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MLK Prayer Breakfast

Sandra Gray, left, presents an award to Janice Peterson
Sandra Gray, left, presents an award to Voncile Stallworth

Stallworth, Peterson presented awards

News Staff Writer

About 30 people attended this year’s Unity Prayer Breakfast, part of the local commemoration of the birthday of Civil Rights icon Dr. Martin Luther King Jr.
The event, held January 19 at Atmore Community Hospital’s Mayson Auditorium, featured a hearty breakfast, a series of themed prayers from local and area ministers, and the presentation of two community service awards.
Atmore City Councilwoman Susan Smith and Sandra Gray — president of the breakfast’s sponsor, Concerned Citizens of Atmore — shared the mistress of ceremonies duties, and Mayor Jim Staff greeted attendees. Several in the crowd stood and recited quotes from King’s speeches and writings.
Four pastors — James Crook of Old Ship Baptist Church; Sylvia Roberts of Paradise Holiness Church; Brennen Peacock of First United Methodist Church; and Michael Arnold of Brewton’s Peace and Goodwill Baptist Church — delivered brief addresses and offered prayers.
Crook delivered a powerful message on unity, calling for a “fundamental solidarity of love and purpose” and recalling the slain Civil Rights leader’s plea for unity among people of all races and all walks of life.
“Where there is unity, there is strength; where there is strength there is progress,” he preached. “My football coach used to tell us that a kicking mule cannot pull, and a pulling mule cannot kick. There has to be some unity.”
He pointed out that unity is lacking at all levels of life, drawing a chorus of amens after several of his points.
“There has to be some unity in our community; there has to be some unity in our schools; there has to be some unity in our churches; there has to be unity in my house, your house and the courthouse,” Crook said. “And, last but not least, there has to be some unity in the White House.”
After Roberts delivered a short address on peace, telling the crowd that, “before we can have peace in the community of Atmore, we have to have peace within ourselves,” those in attendance enjoyed a buffet breakfast of bacon, sausage, eggs, grits, biscuits and gravy.
Once everyone was seated and well into his or her food, the unity prayers continued.
Peacock spoke on wisdom, leading into the heart of his theme with a brief discourse on King’s legacy.
“I look around and I see some faces that may have a little more personal experience with the journey we’re talking about today,” he began. “I don’t mean that necessarily by color of face, but more by color of hair. There are some folks here that have traveled this path for a while, and I come into this as an inheritor of a legacy, one that was handed to me.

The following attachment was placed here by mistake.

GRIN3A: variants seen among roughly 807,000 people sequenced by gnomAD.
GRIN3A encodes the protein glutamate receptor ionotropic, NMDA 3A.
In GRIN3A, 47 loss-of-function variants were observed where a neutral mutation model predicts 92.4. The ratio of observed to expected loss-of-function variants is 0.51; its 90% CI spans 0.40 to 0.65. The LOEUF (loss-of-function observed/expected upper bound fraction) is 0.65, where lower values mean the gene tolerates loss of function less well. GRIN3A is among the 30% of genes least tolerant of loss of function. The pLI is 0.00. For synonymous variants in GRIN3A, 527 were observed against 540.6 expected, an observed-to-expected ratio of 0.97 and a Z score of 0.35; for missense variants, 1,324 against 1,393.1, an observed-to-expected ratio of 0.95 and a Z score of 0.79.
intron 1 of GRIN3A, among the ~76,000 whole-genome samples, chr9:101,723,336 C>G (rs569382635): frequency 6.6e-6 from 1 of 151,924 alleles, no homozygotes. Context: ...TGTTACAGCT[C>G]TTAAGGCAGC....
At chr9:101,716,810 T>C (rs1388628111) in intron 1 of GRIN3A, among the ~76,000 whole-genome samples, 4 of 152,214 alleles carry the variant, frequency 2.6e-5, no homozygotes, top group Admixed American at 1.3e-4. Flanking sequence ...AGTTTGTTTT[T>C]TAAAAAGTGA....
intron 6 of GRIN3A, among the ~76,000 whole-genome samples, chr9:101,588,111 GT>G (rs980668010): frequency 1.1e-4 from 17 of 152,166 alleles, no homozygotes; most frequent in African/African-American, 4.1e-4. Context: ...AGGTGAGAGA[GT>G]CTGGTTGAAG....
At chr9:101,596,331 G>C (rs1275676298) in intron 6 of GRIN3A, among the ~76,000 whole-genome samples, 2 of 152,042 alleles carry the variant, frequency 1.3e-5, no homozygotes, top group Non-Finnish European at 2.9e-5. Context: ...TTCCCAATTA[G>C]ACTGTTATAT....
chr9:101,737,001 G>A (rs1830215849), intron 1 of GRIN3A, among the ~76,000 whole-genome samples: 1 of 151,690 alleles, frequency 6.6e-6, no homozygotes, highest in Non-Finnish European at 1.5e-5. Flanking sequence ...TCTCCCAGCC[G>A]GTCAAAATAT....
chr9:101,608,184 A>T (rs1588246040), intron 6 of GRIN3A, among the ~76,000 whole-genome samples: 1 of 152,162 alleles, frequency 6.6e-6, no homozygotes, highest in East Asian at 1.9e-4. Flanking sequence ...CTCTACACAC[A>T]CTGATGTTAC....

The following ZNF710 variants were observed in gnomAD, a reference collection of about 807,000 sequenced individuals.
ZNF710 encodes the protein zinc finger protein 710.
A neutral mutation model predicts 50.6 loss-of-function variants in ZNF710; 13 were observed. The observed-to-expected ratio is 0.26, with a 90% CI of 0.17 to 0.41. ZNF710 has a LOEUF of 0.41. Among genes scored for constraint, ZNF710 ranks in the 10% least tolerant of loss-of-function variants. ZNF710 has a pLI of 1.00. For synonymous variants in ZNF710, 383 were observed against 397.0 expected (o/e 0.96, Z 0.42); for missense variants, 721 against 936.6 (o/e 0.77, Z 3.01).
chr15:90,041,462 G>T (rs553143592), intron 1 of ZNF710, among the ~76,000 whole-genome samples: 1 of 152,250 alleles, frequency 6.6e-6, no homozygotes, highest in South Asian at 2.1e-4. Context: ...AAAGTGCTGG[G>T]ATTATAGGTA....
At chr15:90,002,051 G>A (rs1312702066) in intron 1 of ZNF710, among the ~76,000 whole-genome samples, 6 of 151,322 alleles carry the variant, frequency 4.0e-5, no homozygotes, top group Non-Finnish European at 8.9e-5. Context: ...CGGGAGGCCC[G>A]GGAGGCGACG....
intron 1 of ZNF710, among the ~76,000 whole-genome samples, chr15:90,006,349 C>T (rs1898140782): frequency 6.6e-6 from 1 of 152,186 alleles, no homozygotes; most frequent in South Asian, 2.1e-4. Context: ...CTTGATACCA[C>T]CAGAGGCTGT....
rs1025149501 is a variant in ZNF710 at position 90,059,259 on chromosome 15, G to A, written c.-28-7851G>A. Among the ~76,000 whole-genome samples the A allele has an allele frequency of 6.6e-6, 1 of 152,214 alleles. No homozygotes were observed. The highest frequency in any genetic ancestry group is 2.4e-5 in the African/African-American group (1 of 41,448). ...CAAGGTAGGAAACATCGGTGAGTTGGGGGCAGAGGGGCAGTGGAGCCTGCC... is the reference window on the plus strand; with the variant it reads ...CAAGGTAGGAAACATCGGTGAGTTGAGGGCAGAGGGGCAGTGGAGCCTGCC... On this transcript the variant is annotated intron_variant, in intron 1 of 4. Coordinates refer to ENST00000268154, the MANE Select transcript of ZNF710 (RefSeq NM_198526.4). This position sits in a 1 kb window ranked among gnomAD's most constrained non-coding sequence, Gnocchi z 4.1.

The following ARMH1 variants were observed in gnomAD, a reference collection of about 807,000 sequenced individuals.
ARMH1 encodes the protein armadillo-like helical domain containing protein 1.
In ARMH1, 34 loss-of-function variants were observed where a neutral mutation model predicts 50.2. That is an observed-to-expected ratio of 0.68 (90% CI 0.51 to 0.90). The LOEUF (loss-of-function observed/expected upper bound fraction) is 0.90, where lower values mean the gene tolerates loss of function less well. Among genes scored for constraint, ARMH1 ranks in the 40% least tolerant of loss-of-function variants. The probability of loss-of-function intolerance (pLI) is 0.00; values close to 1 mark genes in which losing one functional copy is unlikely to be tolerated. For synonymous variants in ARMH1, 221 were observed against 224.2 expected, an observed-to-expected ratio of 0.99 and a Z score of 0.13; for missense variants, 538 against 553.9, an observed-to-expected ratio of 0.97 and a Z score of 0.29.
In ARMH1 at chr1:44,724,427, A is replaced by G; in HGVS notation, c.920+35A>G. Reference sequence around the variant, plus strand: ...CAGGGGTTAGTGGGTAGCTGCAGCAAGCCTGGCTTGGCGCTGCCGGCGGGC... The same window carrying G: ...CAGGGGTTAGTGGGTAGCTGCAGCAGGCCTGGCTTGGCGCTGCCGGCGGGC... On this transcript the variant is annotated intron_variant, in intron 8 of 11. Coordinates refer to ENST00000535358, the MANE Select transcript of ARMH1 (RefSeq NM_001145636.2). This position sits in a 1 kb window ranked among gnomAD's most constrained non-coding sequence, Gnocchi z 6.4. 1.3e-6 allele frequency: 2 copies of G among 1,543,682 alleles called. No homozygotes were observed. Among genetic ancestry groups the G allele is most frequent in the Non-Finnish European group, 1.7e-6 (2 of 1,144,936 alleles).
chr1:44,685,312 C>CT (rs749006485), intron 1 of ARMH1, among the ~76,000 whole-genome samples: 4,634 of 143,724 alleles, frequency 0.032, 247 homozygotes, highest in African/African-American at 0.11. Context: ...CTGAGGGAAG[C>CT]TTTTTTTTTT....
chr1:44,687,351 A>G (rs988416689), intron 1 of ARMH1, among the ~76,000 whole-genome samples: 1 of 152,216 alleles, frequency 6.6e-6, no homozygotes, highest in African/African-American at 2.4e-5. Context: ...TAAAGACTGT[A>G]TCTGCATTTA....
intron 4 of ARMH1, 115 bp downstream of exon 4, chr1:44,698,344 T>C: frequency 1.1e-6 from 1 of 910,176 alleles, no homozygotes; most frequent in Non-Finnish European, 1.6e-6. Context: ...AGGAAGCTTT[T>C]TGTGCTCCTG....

“It’s easy to say that Dr. King handed us a legacy, but that legacy was handed to him first. Before he was the leader of the Civil Rights movement; before he was a doctor of letters; before he was a pastor — he was a Christian. That is what led him to the places he went.
“We are all inheritors of a legacy. I hope we are able to hand off that legacy with satisfaction to those who come after us.”
A highlight of the gathering came when Gray, on behalf of CCA, presented two “MLK Making a Difference Community Service Awards,” one to Voncile Stallworth and one to Janice Peterson of Just 4 Kids clothing store.
“I’ll tell you something about Ms. Voncile,” Smith said. “I’m not going to give her the microphone because she can out-talk me. She is such a grand person, and most people know her. We think she is the grand dame of Atmore.”
Gray then explained that Stallworth has “helped so many people … she’s been a legend in this community.” The award, Gray said, was in recognition and appreciation of “distinguished service, loyalty and devotion to the ideals and principles of our organization.”
Ms. Stallworth spoke for several minutes, taking the microphone and avoiding several attempts by Ann Powell to gently take it from her while soft laughter filled the room.
“Thank you, and I mean that from my heart,” the award-winner said. “My motto has always been, ‘If I can help somebody along the way, my living will not have been in vain’.”
Peterson later came to accept her award, which was for her efforts in helping procure the free school uniforms CCA has given away for the past 20 years.
“For years and years, if we’ve needed this or that, she has gone into her inventory and got it,” Gray said.
Peterson said she was glad that God has put her in a position where she could help, and that He had made other help available to her.
“I thank God that he gave me the opportunity that I can be around and help children,” she said. “I could not do what I do at Just 4 Kids if it was not for the banks, churches, the credit union and the people who care about kids. I have been blessed, and I’m glad I can be in that position.”
Roland Hall, Wellness Manager at Health Actions Physical Therapy, delivered a brief address to close the event.